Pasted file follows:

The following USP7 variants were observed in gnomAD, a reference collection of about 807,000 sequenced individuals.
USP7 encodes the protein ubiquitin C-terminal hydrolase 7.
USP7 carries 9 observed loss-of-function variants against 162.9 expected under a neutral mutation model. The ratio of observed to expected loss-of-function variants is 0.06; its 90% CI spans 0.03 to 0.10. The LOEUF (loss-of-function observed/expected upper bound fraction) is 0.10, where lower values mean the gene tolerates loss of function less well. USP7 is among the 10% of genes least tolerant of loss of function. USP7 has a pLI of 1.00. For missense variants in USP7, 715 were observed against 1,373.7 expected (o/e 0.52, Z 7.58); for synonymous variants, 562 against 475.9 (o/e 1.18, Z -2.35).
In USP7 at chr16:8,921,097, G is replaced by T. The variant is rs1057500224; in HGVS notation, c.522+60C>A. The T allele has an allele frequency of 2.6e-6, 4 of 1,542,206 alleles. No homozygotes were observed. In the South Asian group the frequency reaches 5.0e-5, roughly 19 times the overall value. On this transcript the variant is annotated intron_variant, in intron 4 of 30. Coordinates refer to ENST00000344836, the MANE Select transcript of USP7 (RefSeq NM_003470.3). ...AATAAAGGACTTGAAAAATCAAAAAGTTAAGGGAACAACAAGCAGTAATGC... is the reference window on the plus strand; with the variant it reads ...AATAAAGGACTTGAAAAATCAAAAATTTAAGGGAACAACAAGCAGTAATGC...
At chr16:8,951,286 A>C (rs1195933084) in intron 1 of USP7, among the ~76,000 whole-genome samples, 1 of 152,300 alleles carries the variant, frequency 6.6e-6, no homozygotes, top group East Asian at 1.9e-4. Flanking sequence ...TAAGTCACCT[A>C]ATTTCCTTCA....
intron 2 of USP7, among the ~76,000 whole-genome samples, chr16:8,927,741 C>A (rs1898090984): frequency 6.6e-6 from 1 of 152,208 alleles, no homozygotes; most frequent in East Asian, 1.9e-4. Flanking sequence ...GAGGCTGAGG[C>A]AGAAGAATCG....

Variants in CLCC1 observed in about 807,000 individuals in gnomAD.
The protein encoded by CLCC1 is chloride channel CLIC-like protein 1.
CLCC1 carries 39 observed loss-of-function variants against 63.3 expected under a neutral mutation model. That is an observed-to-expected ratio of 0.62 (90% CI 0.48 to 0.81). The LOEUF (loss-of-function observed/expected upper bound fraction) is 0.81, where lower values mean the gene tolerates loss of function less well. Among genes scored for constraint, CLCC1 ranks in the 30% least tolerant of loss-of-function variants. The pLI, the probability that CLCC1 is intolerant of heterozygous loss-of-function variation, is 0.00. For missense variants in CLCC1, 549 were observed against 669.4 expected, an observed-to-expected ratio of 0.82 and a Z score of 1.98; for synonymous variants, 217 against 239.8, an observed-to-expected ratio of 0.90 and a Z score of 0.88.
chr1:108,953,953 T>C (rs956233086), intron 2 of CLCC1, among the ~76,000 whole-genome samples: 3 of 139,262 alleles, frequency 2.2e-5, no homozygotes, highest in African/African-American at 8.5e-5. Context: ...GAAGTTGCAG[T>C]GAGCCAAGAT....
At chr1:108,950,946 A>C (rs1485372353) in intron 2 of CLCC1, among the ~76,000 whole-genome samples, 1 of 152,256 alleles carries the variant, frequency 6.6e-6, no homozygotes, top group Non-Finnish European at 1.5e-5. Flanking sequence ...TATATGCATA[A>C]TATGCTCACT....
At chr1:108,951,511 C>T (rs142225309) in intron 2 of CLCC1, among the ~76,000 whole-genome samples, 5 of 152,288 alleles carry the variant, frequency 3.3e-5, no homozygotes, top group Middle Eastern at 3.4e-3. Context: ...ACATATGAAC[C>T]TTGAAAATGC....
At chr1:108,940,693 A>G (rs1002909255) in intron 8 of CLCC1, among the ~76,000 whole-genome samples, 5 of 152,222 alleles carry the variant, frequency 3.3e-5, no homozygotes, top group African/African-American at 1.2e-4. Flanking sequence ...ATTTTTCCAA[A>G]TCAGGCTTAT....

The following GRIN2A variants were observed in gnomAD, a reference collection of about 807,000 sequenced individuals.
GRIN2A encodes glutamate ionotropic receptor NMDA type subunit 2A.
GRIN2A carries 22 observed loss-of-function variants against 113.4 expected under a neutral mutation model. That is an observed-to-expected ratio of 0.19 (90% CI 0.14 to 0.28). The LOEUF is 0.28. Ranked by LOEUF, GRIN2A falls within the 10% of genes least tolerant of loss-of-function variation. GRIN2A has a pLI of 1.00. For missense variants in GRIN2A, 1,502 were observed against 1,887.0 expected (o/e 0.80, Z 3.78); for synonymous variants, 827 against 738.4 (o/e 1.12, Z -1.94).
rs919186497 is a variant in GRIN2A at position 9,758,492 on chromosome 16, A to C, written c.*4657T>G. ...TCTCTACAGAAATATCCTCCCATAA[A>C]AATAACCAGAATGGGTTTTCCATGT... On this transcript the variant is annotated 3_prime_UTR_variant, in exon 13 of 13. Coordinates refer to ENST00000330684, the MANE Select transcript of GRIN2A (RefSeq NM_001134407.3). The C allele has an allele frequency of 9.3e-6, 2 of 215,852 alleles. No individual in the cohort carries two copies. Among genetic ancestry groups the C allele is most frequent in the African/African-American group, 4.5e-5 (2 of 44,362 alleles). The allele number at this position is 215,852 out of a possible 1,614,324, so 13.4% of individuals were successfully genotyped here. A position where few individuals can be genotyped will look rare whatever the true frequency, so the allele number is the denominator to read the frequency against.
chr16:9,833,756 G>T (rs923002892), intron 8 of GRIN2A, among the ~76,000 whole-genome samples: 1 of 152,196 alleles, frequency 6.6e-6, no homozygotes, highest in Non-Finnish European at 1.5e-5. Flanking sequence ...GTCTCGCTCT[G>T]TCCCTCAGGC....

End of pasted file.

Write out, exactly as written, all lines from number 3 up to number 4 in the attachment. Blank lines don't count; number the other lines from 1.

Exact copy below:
USP7 carries 9 observed loss-of-function variants against 162.9 expected under a neutral mutation model. The ratio of observed to expected loss-of-function variants is 0.06; its 90% CI spans 0.03 to 0.10. The LOEUF (loss-of-function observed/expected upper bound fraction) is 0.10, where lower values mean the gene tolerates loss of function less well. USP7 is among the 10% of genes least tolerant of loss of function. USP7 has a pLI of 1.00. For missense variants in USP7, 715 were observed against 1,373.7 expected (o/e 0.52, Z 7.58); for synonymous variants, 562 against 475.9 (o/e 1.18, Z -2.35).
In USP7 at chr16:8,921,097, G is replaced by T. The variant is rs1057500224; in HGVS notation, c.522+60C>A. The T allele has an allele frequency of 2.6e-6, 4 of 1,542,206 alleles. No homozygotes were observed. In the South Asian group the frequency reaches 5.0e-5, roughly 19 times the overall value. On this transcript the variant is annotated intron_variant, in intron 4 of 30. Coordinates refer to ENST00000344836, the MANE Select transcript of USP7 (RefSeq NM_003470.3). ...AATAAAGGACTTGAAAAATCAAAAAGTTAAGGGAACAACAAGCAGTAATGC... is the reference window on the plus strand; with the variant it reads ...AATAAAGGACTTGAAAAATCAAAAATTTAAGGGAACAACAAGCAGTAATGC...